Gosh, here's more pure Ceppi. It's sobering to see what the industry rhetoric has led to. I'm touched when colleagues from other companies stand up for my contribution. I get optimistic when we tackle these issues together. I also believe that if we are very very patient we will get our ideas across.
Excellent Kim Cameron interview (by David Berlind at PC Forum) available here…the comments on the ZDNet site are a fun read. One is titled “I can manage my own identity, thank you very much.” – this is about as misguided as saying “I can make my own Driver's License, thank you very much.”
Another describes a 1984-like scenario – only with more comprehensive surveillance technology – that Kim's company is supposedly bring into being. The reality is that Kim is one of the most articulate advocates for reforming identity, protecting privacy, and empowering individuals .
The fear, mistrust, and misinformation around identity – especially as it relates to Microsoft – continue to bubble up – meanwhile the identity status quo remains spooky. The sad reality is that many of the identity dynamics that the fear mongers fear are already at work. Your consumer behavior is tracked, your transaction history is aggregated and sold, your core identity assets – the attributes that can be used to breed accounts – are managed by incompetent or unscrupulous IT staff .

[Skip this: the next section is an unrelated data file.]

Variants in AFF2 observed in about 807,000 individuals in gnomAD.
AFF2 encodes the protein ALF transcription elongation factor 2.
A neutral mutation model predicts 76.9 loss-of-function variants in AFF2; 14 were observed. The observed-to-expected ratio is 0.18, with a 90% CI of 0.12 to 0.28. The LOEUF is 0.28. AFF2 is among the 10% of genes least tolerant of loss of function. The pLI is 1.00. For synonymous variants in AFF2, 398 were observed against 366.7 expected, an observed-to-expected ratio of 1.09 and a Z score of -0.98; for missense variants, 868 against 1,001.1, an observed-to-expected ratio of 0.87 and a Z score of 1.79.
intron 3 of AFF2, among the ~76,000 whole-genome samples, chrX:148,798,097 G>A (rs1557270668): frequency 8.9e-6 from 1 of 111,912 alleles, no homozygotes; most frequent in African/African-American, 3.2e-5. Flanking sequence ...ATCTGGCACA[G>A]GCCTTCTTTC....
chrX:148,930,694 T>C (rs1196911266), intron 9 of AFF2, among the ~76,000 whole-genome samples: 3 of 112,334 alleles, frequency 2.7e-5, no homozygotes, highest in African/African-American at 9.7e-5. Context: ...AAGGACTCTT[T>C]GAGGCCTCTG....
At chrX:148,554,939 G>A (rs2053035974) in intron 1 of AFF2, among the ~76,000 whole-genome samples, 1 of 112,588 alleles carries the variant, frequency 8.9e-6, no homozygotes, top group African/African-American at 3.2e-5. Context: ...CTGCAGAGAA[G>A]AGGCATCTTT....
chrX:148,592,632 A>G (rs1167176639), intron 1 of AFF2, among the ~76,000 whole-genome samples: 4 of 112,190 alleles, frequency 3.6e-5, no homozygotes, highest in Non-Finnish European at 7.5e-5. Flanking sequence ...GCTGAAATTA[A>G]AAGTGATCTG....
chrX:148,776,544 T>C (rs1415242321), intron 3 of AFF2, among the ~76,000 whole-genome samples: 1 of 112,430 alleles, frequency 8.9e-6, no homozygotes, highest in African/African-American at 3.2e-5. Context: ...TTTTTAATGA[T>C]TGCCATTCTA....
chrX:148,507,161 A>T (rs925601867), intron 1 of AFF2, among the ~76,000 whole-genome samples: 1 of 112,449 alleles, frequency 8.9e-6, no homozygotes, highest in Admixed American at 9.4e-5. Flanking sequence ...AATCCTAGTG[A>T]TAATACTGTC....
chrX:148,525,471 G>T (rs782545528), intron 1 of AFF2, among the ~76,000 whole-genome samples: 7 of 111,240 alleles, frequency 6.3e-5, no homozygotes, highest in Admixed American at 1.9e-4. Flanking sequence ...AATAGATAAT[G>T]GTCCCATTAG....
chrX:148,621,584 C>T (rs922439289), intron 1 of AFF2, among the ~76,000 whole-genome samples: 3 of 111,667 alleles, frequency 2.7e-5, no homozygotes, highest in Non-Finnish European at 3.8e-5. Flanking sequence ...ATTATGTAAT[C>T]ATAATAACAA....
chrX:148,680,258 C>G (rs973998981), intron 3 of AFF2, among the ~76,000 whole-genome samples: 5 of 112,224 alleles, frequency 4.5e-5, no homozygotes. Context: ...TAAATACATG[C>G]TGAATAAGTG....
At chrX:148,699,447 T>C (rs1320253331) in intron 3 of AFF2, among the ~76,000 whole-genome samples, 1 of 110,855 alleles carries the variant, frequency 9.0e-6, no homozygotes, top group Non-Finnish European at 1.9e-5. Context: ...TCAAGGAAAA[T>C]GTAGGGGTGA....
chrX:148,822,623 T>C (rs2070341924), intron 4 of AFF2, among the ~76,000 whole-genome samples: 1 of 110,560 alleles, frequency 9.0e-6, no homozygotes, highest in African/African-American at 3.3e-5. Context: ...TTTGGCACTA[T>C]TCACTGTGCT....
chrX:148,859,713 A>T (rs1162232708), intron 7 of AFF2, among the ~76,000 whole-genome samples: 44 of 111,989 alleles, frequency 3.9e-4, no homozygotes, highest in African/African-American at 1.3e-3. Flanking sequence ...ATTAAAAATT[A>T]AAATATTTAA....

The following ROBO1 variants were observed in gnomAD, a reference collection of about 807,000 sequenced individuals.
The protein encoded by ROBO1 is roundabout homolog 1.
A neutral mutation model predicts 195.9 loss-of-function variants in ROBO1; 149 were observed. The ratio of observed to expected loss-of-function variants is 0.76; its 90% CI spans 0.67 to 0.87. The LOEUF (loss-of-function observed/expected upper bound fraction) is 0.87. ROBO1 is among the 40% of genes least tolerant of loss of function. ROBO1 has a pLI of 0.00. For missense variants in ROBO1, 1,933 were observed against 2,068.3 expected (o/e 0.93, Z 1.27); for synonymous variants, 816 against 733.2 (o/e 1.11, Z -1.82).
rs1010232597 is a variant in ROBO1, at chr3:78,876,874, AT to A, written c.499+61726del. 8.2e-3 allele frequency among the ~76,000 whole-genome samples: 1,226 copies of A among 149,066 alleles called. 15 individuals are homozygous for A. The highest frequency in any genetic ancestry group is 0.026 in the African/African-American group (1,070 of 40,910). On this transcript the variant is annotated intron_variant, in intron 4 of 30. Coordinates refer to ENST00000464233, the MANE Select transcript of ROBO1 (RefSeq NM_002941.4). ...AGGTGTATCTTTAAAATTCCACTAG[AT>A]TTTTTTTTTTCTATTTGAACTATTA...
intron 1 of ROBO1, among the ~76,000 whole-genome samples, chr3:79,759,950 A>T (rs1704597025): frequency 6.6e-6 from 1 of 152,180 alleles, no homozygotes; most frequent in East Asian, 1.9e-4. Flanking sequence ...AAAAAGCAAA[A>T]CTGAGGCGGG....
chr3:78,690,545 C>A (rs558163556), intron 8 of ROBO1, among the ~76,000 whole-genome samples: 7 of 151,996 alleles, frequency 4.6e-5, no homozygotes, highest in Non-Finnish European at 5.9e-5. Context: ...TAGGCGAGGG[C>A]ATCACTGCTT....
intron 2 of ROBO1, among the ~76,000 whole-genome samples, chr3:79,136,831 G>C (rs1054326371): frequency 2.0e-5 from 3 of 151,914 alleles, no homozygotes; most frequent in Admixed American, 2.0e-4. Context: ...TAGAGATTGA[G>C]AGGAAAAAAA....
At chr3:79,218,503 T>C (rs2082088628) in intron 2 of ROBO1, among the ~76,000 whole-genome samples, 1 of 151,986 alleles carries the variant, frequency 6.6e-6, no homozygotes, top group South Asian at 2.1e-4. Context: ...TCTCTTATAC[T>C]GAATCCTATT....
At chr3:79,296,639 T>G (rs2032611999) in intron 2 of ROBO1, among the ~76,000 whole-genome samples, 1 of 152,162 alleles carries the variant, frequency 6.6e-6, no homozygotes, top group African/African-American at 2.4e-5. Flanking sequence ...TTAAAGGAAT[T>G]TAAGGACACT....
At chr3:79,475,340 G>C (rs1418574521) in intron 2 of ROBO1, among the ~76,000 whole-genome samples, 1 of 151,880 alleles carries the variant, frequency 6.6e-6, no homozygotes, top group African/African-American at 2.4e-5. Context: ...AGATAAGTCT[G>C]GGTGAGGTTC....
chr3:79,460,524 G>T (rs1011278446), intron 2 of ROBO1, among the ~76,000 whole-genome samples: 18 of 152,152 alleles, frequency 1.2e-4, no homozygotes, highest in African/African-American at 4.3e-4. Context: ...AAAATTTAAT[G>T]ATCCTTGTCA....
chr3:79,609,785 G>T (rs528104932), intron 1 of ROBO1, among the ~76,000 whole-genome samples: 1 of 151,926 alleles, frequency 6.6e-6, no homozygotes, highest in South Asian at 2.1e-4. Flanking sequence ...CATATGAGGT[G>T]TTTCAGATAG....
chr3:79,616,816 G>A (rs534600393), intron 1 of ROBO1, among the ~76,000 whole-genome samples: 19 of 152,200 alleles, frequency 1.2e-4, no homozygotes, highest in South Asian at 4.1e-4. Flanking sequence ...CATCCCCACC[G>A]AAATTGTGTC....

The identity status quo will be reformed (and very likely regulated), the reform will involve technology innovation, that innovation will be delivered by software vendors large and small, and the major beneficiaries of the reform will be individuals.
How long all this takes depends in large part on how many ungrounded arguments the fear mongers can come up with to delay much needed reform.